A Howard County state senator and two delegates have filed four bills ahead of the 2020 General Assembly session to address school redistricting in the county and that require homebuyers be made aware of redistricting.
The bills were introduced Monday by members of the Howard County delegation from District 12. The bills will be sponsored individually by state Sen. Clarence Lam, Del. Eric Ebersole and Del. Terri Hill, all Democrats. Lam, who is sponsoring two bills, released joint news releases Monday, one with Ebersole and the other with Hill.
Schools Superintendent Michael Martirano presented a comprehensive redistricting proposal in August that recommended moving nearly 7,400 students to new schools. The proposal was designed to combat school overcrowding, address inequities in how students affected by poverty are distributed and establish a road map for the county’s 13th high school, in Jessup.
The school board will vote on a final plan Nov. 21, going into effect for the 2020-21 academic year. After hearing from hundreds of community members, students and parents the past two months, the school board held its first redistricting work session Oct. 17, where members voted to not move rising juniors next September.
Lam said he was motivated to introduce the bills by what he heard at the meetings.
“It has become clear from a lot of the hearings at the Board of Education that there’s a misconception that when a homeowner buys a home, that school [their neighborhood is assigned to] is permanent, and that is not the case,” Lam said.
One of Lam’s bills would add a disclaimer to the Howard County addendum at the time of closing for any property purchase. Part of the disclaimer would read:
“By signing this addendum, the Buyer acknowledges that the Howard County Public School System (HCPSS) schools designated for this property are subject to change at any time. The Buyer has no assurance that the current HCPSS school assignments for this property (commonly known as the school district) will remain in effect for any period of time,” according to the senator’s news release Monday.
Homebuyers “should take into account that the school assignment could change at any time based on a school board decision,” Lam said.
Ebersole’s bill ties into Lam’s bill as it would prohibit advertising a specific school with any real estate or new residential construction in the county.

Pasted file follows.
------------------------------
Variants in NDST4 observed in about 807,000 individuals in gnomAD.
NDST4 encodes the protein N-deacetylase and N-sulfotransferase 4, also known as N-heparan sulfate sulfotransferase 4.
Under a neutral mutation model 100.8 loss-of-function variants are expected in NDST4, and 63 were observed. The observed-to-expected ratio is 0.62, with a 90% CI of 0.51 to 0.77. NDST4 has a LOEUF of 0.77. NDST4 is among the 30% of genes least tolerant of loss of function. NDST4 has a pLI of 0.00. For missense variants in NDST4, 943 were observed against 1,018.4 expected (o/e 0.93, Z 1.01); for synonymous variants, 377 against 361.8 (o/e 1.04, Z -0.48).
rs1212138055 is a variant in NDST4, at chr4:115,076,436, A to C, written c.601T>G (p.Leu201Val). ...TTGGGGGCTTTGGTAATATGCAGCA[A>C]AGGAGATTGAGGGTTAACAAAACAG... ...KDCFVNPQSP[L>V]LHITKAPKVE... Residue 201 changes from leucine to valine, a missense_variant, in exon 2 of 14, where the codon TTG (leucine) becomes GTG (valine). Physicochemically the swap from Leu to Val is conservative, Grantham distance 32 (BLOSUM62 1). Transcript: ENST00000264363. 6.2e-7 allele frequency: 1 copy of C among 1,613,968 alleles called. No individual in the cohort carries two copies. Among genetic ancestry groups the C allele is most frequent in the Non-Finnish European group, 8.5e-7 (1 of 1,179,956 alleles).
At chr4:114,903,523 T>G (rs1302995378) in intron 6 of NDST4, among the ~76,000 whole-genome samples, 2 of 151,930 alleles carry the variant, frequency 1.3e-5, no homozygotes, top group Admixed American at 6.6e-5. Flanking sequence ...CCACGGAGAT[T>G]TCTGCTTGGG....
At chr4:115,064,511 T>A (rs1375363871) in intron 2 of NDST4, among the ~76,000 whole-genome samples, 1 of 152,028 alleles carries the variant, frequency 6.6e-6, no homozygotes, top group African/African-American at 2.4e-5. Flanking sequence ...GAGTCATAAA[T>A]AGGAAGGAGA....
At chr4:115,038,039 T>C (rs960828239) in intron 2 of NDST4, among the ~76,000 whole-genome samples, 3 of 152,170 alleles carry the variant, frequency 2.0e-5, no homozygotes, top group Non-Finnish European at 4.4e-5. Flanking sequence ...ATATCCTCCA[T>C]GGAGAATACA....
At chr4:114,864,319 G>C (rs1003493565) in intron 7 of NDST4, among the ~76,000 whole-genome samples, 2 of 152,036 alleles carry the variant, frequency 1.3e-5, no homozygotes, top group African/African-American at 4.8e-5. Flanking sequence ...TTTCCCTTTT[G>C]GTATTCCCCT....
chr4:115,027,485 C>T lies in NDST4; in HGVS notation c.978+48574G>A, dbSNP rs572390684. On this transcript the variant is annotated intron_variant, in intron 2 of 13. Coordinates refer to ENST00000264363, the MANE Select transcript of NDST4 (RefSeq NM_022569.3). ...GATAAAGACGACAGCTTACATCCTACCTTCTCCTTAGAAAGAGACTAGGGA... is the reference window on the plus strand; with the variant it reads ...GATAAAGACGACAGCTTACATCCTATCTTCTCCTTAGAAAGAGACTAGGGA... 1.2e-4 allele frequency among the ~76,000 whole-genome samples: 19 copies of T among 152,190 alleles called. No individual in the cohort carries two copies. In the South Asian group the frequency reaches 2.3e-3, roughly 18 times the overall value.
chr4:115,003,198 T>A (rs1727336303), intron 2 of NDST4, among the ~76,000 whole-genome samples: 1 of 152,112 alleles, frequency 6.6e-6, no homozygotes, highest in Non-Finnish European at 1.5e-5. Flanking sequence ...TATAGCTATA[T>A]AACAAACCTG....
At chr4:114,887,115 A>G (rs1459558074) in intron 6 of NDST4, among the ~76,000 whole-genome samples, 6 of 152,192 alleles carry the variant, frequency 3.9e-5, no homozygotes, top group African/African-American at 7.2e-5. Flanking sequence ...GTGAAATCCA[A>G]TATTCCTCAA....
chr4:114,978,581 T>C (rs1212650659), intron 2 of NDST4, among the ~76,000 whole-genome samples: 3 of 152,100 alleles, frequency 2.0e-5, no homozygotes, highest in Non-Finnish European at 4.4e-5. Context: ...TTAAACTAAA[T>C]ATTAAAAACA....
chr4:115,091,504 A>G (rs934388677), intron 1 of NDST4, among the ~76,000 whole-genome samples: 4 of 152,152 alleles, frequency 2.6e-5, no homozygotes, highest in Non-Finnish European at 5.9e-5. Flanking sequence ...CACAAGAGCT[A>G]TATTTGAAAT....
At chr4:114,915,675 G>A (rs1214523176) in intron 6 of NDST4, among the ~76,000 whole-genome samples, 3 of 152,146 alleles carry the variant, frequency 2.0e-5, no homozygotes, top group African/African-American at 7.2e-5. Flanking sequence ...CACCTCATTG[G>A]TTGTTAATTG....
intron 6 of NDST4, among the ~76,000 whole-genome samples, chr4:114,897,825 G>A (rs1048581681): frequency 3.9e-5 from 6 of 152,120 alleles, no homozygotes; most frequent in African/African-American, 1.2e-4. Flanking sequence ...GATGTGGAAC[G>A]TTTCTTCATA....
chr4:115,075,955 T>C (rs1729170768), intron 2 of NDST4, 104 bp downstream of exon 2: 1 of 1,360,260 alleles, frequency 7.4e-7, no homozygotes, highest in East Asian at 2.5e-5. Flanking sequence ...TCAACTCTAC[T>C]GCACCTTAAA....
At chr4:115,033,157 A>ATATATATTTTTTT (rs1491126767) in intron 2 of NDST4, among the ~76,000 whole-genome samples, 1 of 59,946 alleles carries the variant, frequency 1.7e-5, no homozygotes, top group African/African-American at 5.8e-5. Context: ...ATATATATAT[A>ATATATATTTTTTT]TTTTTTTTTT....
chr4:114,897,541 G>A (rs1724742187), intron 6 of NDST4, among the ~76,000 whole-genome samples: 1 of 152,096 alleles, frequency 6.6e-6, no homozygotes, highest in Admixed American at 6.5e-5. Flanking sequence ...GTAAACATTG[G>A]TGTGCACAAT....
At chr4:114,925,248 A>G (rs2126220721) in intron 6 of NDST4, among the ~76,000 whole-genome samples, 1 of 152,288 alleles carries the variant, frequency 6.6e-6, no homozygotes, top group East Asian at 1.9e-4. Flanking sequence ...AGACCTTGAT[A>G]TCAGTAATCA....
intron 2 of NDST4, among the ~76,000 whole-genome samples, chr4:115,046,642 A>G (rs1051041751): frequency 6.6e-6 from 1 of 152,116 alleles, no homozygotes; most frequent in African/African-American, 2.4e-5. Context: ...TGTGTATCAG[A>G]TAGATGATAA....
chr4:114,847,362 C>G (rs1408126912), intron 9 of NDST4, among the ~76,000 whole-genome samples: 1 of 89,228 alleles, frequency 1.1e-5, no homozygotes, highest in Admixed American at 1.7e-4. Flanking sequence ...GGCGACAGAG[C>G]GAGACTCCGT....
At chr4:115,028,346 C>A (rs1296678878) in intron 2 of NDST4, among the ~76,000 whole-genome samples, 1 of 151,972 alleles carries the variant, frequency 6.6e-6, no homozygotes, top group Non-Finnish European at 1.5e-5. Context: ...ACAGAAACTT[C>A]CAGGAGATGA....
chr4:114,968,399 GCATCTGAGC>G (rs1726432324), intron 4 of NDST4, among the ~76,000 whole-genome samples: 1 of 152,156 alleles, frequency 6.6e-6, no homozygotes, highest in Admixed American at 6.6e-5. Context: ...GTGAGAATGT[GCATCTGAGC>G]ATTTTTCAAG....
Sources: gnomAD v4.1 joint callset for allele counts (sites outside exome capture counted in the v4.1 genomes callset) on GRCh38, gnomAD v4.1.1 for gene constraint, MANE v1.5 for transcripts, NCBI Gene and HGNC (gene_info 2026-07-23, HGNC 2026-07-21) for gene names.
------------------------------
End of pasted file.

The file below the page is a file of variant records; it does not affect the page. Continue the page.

Not advertising schools “is sort of a policy or agreement by Realtors right now, but all don’t adhere to it,” Ebersole said in an interview.
He said the bill would prevent residents from being misled that the school district is guaranteed.
“People have thought they were locked into” their school districts when they bought their homes, so when redistricting occurs they are “shocked,” Ebersole said.
Lam’s other bill is aimed at reducing crowding in schools by requiring the county school board to initiate a redistricting process when a school’s capacity falls out of the board’s target utilization policy of 90% to 110%. If the school board does not want to redistrict at that time, it must provide the delegation with a plan on how it would address school capacity, according to Lam’s bill.
“I represent part of Howard County where students are going to Howard High School that is almost 140% over capacity, and you look at Glenelg High School is at 82% capacity,” Lam said. “I think it’s unacceptable that Howard High School is so overcrowded when there are empty seats elsewhere.”
Lam hopes the bill will help the county schools avoid capacity imbalance in the future and that the school board will address overcrowded schools “in a timely fashion.”
Hill filed a bill to efficiently track the progress of “addressing academic achievement gaps based on socioeconomic and limited English proficiency disparities” in the county, according to her Monday news release.
The bill will look at the rates of children who participate in the school system’s free and reduced-price meals program, known as FARMS, a measure that was “highlighted as a priority” in Martirano’s proposal, according to the release.
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If passed, Hill’s legislation would require the school board to submit an annual report on students who are “limited English proficient” or enrolled in FARMs. Every two years, the school board would have to report to the delegation on what had been done to reduce the academic disparities experienced by those two student populations.
The school board will report back both positive and negative results, Hill said in an interview. Additionally, the school board would be required to include plans on how it would reduce the disparities in the next two years.
The FARMs rate and students who take English as a Second Language “are a reason, if not the major influencers that are affecting our performance gaps,” Hill said.
The county, Hill said, needs to come up with ideas to address performance gaps within the school system.
“We’re all dedicated to all our kids to have access to a world class education,” Hill said.
The three legislators and District 12 Del. Jessica Feldmark, also a Democrat, commended Martirano on his proposal in a joint statement released last week, ahead of the school board’s first work session. They encouraged the school board to balance the priorities of addressing overcrowding and academic disparities while preparing for the county’s 13th high school.
The last day to file local bills ahead of the General Assembly session is Friday. A public hearing for all of Howard County’s local bills will take place at 7 p.m. Nov. 19 at the George Howard Building in Ellicott City.